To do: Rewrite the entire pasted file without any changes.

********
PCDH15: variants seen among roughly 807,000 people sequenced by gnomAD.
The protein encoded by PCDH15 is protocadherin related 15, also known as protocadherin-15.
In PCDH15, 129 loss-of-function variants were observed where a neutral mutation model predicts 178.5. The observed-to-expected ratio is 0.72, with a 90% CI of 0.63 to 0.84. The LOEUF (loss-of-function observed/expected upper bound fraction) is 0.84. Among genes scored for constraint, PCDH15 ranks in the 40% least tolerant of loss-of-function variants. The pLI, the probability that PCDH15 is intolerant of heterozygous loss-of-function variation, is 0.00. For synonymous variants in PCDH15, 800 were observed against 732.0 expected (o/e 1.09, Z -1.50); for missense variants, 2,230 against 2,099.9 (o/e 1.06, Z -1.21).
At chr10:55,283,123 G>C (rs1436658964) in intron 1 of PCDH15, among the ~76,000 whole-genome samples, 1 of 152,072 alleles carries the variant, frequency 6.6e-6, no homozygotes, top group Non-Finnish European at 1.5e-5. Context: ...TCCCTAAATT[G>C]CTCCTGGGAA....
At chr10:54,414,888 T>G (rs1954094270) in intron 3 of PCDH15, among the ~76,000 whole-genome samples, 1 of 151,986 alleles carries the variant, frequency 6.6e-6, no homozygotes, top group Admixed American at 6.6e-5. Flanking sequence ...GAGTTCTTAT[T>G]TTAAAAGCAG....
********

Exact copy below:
PCDH15: variants seen among roughly 807,000 people sequenced by gnomAD.
The protein encoded by PCDH15 is protocadherin related 15, also known as protocadherin-15.
In PCDH15, 129 loss-of-function variants were observed where a neutral mutation model predicts 178.5. The observed-to-expected ratio is 0.72, with a 90% CI of 0.63 to 0.84. The LOEUF (loss-of-function observed/expected upper bound fraction) is 0.84. Among genes scored for constraint, PCDH15 ranks in the 40% least tolerant of loss-of-function variants. The pLI, the probability that PCDH15 is intolerant of heterozygous loss-of-function variation, is 0.00. For synonymous variants in PCDH15, 800 were observed against 732.0 expected (o/e 1.09, Z -1.50); for missense variants, 2,230 against 2,099.9 (o/e 1.06, Z -1.21).
At chr10:55,283,123 G>C (rs1436658964) in intron 1 of PCDH15, among the ~76,000 whole-genome samples, 1 of 152,072 alleles carries the variant, frequency 6.6e-6, no homozygotes, top group Non-Finnish European at 1.5e-5. Context: ...TCCCTAAATT[G>C]CTCCTGGGAA....
At chr10:54,414,888 T>G (rs1954094270) in intron 3 of PCDH15, among the ~76,000 whole-genome samples, 1 of 151,986 alleles carries the variant, frequency 6.6e-6, no homozygotes, top group Admixed American at 6.6e-5. Flanking sequence ...GAGTTCTTAT[T>G]TTAAAAGCAG....